He was the presenter of the extensively viewed BBC Two series “Wonders of the Solar System” in 2010, which consisted of five parts, and the sequel “Wonders of the Universe” series, which consisted of four parts, the following year. In 2012, Professor Cox presented the BBC program “Wonders of Life,” which discussed the planet’s history from a physicist’s viewpoint. He was the presenter of the BBC programs “Human Universe” (2014) and “Forces of Nature” (2016), both of which were shown on the BBC.
Dara O’Briain, a comedian, and Brian Cox hosted the popular live astronomy program “Stargazing Live” on the BBC. 2011 was the year that this was broadcast for the first time. During the first episode of the series, Brian Cox showed host Jonathan Ross how to use a telescope and discussed the reasons for the spherical shape of the planets.
During his numerous presentations at TED (Technology, Entertainment, and Design) conferences, he discussed a wide range of subjects, some of which included the Large Hadron Collider and particle physics. In 2010, he was a featured guest on The Symphony of Science’s episode titled “The Case for Mars.”
At the 2010 Royal Television Society Memorial presentation, Cox gave a talk titled “Science, a Challenge to TV Orthodoxy.” He examined concerns about how the media convey scientific discoveries. In addition to his scientific broadcasts, he has written or co-written several physics books, including “The Quantum Universe” and “Why does E=mc2?”
Because of his work in broadcasting and PR, he has been recognized with several accolades and awards for his contributions to the scientific community. In 2002, he was accepted into The Explorers Club’s International Fellowship program and became a member. In 2006, the British Association presented Brian Cox with the Lord Kelvin Award for Public Understanding of Science in recognition of his contributions to advancing public comprehension of scientific concepts.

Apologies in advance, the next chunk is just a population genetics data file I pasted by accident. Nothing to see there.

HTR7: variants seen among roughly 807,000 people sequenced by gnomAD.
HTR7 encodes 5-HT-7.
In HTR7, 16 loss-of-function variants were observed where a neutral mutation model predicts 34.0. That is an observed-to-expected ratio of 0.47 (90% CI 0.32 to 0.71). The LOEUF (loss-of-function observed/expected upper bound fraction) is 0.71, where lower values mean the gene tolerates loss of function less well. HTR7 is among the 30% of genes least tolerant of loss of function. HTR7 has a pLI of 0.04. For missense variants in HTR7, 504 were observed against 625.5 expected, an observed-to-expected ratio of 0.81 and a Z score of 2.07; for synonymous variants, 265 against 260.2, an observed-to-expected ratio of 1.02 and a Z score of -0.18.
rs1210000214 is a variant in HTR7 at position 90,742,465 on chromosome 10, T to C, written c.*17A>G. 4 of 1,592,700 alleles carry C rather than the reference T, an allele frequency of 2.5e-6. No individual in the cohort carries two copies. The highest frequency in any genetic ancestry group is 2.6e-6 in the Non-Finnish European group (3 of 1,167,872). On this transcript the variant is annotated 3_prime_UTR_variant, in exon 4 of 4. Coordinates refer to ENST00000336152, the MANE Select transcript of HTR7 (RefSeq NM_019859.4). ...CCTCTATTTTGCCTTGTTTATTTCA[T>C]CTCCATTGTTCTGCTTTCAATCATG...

Because of his significant contributions to research in 2010, he received two prestigious awards in 2012: the Michael Faraday Prize from the Royal Society and the President’s Medal from the Institute of Physics. Professor Cox is very interested in the activities within the humanist community because he is a humanist and a “Distinguished Supporter” of the British Humanist Association (BHA).
In 2003, he tied the knot with American science broadcaster Gia Milinovich. On May 26, 2009, he became a father for the first time to a little boy who was given the name George. Apollo 11 is the source of the name “Eagle” for George’s middle name; the rover explored the moon. Currently, to carry out his work on the ATLAS experiment, Cox uses the Large Hadron Collider, located at CERN in Switzerland.
Brian Cox Profile-
- Famous Name– Brian Cox
- Birth Sign- Pisces
- Date of Birth– 3 March 1968
- Birth Place– Oldham, United Kingdom
- Age – 55 years (As 0f 2023)
- Nickname– Brian Cox
- Parents– Father: Charles McArdle Campbell Cox, Mother: Mary Ann Guillerline
- Sibling– NA
- Height-1.76 m
- Profession– Musician
- Twitter Followers: 3M Followers
- Total Insta Followers: 137K followers
- Total YouTube Subs: 1.85K subscribers
Brian Cox’s Phone Number, Email, Contact Information, House Address, and Social Profiles:
Ways to Contact Brian Cox :
1. Facebook Page: @ProfessorBrianCox
2. YouTube Channel: @profbriancox4431
3. Instagram Profile: @profbriancox
Brian Cox also has his Instagram profile, where he gained a million followers and got around 100k likes per post. If you want to see his latest pics on Instagram, you can visit through the above link.
4. Twitter: @ProfBrianCox
5. Phone number: +44 (0)20 7907 2800
Many phone numbers are leaked on google and the internet in the name of Brian Cox, but upon checking, we found none work. However, when we see the exact number, we will update it here.
6. Fan Mail Address:
Oldham, United Kingdom
7. Email id: NA
8. Website URL: https://briancoxlive.co.uk/